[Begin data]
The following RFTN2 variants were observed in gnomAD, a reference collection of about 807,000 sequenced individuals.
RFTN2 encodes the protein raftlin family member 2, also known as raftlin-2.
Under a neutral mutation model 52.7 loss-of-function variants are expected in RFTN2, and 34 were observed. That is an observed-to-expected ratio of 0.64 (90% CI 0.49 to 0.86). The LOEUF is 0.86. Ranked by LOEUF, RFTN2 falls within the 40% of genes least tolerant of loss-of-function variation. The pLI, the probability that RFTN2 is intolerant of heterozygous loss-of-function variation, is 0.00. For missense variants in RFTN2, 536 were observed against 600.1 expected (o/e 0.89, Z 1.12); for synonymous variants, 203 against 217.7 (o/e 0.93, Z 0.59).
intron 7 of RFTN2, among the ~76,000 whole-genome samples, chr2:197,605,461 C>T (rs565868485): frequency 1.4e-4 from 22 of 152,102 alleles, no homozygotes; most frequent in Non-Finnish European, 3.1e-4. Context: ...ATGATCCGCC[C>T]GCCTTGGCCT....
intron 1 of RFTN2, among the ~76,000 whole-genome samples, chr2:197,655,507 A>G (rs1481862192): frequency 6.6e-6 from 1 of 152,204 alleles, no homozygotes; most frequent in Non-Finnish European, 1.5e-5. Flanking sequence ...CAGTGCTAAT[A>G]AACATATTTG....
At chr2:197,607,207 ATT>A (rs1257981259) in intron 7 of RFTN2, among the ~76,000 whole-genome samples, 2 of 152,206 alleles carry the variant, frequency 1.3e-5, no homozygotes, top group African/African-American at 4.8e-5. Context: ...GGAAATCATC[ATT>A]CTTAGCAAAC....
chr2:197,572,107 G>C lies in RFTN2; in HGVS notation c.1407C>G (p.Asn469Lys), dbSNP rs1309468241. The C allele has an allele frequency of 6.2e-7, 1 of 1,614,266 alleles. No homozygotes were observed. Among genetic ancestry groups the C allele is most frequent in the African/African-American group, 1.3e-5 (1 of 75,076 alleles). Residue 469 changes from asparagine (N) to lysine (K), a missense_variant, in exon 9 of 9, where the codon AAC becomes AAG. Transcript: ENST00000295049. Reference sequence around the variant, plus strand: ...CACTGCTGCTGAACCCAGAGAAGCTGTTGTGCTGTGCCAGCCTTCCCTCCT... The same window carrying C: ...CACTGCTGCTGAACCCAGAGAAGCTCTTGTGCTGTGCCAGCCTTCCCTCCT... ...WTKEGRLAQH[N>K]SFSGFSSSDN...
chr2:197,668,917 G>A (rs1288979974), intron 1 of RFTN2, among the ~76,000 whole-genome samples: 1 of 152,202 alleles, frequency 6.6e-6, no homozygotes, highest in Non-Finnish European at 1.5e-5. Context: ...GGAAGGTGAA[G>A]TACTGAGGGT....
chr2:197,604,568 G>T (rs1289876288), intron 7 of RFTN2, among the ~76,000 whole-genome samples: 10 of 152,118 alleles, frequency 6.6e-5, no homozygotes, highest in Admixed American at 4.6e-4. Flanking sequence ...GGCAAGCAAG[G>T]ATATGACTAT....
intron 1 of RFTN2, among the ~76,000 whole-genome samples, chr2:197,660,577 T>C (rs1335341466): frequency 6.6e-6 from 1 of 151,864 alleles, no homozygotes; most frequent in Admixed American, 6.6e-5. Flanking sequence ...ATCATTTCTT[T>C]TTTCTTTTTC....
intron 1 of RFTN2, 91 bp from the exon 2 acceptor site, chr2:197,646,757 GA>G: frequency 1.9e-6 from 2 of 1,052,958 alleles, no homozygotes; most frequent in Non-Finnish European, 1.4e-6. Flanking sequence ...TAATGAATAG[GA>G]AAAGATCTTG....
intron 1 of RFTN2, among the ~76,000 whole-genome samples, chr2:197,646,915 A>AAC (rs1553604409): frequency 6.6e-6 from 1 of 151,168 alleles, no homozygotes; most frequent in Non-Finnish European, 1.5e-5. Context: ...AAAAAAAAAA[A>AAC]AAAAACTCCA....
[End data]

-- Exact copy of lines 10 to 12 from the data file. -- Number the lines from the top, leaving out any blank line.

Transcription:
intron 1 of RFTN2, among the ~76,000 whole-genome samples, chr2:197,660,577 T>C (rs1335341466): frequency 6.6e-6 from 1 of 151,864 alleles, no homozygotes; most frequent in Admixed American, 6.6e-5. Flanking sequence ...ATCATTTCTT[T>C]TTTCTTTTTC....
intron 1 of RFTN2, 91 bp from the exon 2 acceptor site, chr2:197,646,757 GA>G: frequency 1.9e-6 from 2 of 1,052,958 alleles, no homozygotes; most frequent in Non-Finnish European, 1.4e-6. Flanking sequence ...TAATGAATAG[GA>G]AAAGATCTTG....
intron 1 of RFTN2, among the ~76,000 whole-genome samples, chr2:197,646,915 A>AAC (rs1553604409): frequency 6.6e-6 from 1 of 151,168 alleles, no homozygotes; most frequent in Non-Finnish European, 1.5e-5. Context: ...AAAAAAAAAA[A>AAC]AAAAACTCCA....